mrfixit wrote:Would anyone like to talk about how to start a small engine repair business? I thought about the type that you go to a persons house and repair (tune) their equipment. Inventory control is important and how people handle a break that can't really be fixed. (Broken bolt) (Stripped treads) ... I have always fixed my own stuff..I have a certificate for small engine repair and I am studying to become EETC Certified.
Should I just go to an established business and start? I am 55 and do computer work for UPS. I hate it and would like to do something more relaxing and interact with people. Any help and advice would be appreciated
I would not say small engine repair and dealing with the public is relaxing. Dealing with the repairs is fine, the people that own them is a different story.
Your best bet would be to try and get a job at a local busy shop. And get lots of experience fixing stuff. I would say 3 to 5 years worth. If you are thinking of starting your own business in this field, you need to know everything you can before you start.
If you are not a good mechainic and can not fix things "right and fast the first time" your in for an education in stress and poor finances. You cant make any money doing this if you are always trying to fix something for the 3rd 4th and 5th time.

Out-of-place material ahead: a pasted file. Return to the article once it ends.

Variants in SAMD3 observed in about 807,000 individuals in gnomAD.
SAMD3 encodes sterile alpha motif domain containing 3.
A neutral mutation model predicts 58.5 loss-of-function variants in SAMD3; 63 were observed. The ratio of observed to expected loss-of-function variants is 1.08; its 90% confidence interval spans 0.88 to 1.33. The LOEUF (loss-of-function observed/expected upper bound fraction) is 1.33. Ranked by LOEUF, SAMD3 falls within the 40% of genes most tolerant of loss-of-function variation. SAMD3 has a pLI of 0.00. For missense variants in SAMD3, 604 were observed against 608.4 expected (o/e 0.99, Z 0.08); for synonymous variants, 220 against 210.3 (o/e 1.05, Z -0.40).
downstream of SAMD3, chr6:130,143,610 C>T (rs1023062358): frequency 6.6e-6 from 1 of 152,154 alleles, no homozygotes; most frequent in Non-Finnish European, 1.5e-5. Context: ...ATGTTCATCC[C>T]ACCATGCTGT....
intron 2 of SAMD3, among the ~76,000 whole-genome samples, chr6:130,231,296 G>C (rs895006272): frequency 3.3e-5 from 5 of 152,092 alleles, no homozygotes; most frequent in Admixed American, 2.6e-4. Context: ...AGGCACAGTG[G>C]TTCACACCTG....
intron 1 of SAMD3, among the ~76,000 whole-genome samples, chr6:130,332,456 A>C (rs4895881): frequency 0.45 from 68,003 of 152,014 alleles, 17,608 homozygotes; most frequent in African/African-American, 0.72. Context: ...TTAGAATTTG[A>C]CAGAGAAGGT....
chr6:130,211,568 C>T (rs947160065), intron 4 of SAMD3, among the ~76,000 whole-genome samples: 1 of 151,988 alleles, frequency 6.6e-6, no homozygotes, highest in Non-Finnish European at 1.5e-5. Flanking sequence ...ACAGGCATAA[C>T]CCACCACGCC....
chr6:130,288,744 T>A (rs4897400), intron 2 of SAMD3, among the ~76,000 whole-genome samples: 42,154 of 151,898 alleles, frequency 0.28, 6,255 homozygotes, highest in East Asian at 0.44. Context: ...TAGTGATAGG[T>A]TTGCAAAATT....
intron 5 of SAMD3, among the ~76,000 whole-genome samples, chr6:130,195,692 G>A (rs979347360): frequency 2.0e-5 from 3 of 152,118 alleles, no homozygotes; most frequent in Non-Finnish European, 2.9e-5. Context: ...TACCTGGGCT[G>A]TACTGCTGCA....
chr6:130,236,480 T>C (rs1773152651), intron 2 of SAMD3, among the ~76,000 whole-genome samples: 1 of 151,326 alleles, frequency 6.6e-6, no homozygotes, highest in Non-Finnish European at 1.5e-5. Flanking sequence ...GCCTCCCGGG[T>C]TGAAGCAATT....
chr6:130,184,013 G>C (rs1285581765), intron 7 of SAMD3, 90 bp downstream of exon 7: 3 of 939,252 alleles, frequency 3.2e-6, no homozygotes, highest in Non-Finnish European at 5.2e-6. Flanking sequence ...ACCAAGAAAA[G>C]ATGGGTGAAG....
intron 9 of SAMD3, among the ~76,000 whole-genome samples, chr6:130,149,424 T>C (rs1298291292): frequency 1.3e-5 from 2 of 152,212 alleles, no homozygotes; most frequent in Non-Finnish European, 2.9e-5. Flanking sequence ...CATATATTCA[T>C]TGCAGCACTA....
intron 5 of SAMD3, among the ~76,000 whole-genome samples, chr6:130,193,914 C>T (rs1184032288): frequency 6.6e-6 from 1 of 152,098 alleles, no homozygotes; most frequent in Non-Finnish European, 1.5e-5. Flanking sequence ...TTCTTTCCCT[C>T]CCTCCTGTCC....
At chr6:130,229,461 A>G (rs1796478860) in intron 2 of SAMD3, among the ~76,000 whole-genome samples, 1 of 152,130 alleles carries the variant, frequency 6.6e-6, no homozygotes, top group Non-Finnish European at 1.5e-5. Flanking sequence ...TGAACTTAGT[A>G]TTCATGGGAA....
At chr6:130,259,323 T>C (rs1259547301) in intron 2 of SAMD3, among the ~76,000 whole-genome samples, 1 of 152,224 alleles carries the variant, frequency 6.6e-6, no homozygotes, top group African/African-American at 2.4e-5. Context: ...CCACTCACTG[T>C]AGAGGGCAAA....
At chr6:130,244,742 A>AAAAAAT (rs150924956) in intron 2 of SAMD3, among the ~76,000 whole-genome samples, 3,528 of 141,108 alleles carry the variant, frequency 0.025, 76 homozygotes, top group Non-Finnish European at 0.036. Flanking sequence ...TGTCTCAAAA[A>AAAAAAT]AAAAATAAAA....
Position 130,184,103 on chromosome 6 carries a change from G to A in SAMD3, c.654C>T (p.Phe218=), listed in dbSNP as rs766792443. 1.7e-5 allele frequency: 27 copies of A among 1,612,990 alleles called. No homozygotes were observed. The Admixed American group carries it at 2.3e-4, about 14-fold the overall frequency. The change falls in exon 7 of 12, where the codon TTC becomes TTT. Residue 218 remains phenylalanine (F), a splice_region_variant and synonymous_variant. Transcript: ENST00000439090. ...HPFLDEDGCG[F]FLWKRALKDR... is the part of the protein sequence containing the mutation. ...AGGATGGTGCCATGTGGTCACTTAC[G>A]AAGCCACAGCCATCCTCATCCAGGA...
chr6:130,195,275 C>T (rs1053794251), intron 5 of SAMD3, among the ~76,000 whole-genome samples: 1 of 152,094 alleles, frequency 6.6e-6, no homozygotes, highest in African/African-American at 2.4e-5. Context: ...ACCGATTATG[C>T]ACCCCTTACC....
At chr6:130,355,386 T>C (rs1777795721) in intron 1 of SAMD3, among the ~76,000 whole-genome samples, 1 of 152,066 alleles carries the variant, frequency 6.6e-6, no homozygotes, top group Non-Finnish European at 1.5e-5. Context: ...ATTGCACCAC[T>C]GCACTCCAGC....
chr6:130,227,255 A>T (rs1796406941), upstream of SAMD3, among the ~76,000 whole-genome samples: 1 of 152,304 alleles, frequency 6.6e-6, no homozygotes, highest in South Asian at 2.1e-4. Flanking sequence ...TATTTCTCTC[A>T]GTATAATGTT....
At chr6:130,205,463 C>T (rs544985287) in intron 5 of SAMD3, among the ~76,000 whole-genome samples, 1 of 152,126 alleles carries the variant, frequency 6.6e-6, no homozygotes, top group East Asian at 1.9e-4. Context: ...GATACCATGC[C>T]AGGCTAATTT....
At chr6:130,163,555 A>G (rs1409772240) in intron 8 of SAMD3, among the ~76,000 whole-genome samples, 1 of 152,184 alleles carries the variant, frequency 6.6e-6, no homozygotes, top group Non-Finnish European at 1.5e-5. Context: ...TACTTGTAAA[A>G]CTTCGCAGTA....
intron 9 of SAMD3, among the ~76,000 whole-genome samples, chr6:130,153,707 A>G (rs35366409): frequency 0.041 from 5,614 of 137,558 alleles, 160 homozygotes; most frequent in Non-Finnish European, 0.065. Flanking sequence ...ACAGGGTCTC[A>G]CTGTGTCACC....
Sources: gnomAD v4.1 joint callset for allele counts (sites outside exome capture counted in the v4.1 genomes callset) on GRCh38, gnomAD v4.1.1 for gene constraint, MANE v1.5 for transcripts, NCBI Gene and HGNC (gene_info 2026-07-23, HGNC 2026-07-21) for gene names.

A lot of people think it's easy to work on this stuff. Maybe because it is small? Maybe because they think there cant be much to it? Who knows what goes through peoples minds about things but believe me, there really is a lot to it.
With the fuel we have to deal with and the EPA changes to the engines they are not getting easier to work on and they have to be fixed "perfect" to run correctly.
I have been doing this for many years and I still learn something most days. No one knows everything about this stuff, there is simply to many differant makes & models of it and new stuff coming out all the time. If you are going to be a fix everything kind of guy you have to know a lot about most of it, not just a few brands.
Good luck though, hard work and persistance does pay off. Just try and learn everything you can before jumping in over your head. If you work at another shop for a while atleast you will have resources there to help you when you need it.
You can still make money doing this but it is not easy and you better be good at it. Starting a business from nothing takes a lot of time to get a customer base built and to get the word around that you do good work.